Beazer Homes takes a wintery 2Q blast, falls short

Beazer , hit by storms, posts bigger-than-expected loss but sees thaw ahead, and profitability

Associated Press

ATLANTA (AP) -- Beazer Homes posted a larger-than expected loss for the second quarter as abysmal winter weather took its toll on new home orders and closings.

The loss narrowed, however, compared with the same period last year, as the builder took smaller losses paying down debt and cut expenses.

And CEO Allan Merrill said the company is confident that Beazer will be profitable this year as the company accomplishes its financial objectives.

The Atlanta homebuilder lost $8 million, or 31 cents per share, for the three months ended March 31. That compares with a loss of $19.6 million, or 80 cents per share, a year ago, but it was still worse than the loss of 20 cents that Wall Street had projected.

Loss on debt extinguishment totaled $153,000, down from $3.6 million a year earlier. Other expenses fell to $13.7 million from $16.2 million.

Revenue declined 6 percent to $270 million from $287.9 million. That also fell short of projections from industry analysts, who were looking for something closer to $291.7 million, according to a poll by FactSet.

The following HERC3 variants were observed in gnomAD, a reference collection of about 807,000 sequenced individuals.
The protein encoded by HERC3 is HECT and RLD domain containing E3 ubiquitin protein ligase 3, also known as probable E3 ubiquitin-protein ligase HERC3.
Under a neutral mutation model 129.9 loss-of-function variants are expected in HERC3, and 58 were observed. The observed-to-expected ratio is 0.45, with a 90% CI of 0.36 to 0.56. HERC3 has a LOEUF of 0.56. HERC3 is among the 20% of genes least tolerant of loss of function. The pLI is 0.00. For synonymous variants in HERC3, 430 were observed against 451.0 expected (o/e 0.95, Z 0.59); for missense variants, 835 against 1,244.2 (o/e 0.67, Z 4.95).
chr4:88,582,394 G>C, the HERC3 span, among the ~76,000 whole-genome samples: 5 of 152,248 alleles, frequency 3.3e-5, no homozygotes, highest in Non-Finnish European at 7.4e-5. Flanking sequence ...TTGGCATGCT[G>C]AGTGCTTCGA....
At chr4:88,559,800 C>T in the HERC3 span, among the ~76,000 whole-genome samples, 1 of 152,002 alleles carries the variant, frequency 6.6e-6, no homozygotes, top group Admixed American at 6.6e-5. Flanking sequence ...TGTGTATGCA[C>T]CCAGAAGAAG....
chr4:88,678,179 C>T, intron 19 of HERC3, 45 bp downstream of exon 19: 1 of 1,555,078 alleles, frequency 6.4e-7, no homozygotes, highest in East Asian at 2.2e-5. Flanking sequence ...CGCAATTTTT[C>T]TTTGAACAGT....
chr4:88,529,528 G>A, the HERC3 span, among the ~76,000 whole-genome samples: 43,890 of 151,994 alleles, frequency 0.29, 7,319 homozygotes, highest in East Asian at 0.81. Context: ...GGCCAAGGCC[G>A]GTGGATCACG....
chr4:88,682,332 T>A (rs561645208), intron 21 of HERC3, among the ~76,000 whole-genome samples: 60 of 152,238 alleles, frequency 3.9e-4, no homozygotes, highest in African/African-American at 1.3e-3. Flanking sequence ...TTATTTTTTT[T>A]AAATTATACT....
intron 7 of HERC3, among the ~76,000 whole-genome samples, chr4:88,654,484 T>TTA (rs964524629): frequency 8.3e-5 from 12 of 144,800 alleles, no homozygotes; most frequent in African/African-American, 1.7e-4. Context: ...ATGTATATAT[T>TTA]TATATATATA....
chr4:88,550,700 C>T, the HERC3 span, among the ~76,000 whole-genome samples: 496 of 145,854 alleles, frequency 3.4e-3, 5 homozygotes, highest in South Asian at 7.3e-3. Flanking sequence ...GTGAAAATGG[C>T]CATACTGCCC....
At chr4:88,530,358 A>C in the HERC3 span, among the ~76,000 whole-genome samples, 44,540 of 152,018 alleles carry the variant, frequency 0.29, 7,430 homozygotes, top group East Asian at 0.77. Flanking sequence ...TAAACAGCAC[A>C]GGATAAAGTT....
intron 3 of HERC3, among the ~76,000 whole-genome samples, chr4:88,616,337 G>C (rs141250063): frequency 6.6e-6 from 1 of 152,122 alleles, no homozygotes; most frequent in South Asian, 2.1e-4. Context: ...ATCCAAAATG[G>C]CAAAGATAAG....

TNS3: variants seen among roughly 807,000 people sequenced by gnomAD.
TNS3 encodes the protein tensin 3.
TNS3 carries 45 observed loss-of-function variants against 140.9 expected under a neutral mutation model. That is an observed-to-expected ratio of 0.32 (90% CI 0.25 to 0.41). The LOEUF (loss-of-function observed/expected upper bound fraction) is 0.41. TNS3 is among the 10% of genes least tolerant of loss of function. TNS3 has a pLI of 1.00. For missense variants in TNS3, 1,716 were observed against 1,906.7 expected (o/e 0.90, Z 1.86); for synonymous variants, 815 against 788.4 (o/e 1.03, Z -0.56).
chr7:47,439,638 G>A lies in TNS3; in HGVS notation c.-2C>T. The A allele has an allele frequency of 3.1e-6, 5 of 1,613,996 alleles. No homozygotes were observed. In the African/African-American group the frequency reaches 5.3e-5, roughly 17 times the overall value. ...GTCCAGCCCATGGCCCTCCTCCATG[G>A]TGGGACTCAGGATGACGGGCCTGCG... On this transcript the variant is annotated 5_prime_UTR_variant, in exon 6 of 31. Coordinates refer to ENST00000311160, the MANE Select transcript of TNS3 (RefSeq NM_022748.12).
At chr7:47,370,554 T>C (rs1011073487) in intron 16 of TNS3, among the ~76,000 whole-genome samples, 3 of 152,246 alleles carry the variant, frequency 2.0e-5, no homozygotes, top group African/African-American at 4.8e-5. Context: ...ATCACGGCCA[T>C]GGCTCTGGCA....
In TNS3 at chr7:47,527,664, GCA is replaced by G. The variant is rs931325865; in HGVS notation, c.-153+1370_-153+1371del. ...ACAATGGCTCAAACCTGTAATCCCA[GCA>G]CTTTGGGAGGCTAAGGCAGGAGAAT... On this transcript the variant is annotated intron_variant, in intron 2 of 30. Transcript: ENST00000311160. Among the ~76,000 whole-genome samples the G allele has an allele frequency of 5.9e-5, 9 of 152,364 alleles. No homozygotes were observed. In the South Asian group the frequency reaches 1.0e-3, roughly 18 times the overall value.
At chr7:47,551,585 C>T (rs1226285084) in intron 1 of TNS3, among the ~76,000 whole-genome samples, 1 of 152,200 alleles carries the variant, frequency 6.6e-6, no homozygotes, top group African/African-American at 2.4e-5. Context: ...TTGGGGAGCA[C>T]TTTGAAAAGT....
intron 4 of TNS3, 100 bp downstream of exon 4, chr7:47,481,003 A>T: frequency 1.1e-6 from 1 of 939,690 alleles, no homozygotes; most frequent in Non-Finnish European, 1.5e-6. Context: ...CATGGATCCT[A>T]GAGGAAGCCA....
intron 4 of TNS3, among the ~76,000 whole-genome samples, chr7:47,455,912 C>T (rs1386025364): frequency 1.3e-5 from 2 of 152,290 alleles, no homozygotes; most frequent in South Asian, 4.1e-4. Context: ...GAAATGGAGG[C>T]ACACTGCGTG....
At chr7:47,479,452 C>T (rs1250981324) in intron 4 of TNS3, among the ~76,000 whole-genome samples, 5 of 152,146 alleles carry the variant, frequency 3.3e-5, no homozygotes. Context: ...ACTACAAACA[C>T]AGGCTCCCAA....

New home orders dropped 8.6 percent to 1,390 homes from 1,521 homes. Closings, or completed home sales, fell 13.3 percent to 977 homes from 1,127 homes in the prior-year period.

Beazer Homes USA Inc. preannounced in April that its new home orders and closings were down for the quarter. However, the company has also operating in 6 percent fewer communities, which also affected sales.

Higher mortgage rates, rising prices and a limited supply of homes have slowed sales across the country. On Tuesday, the U.S. reported that home price gains cooled in February from the previous year for the third month in a row.

However, the National Association of Realtors reported a day earlier that more Americans signed contracts to buy homes in March, the first increase since June and a sign that the housing market might pick up after a sluggish start to the year.

Most economists agree.

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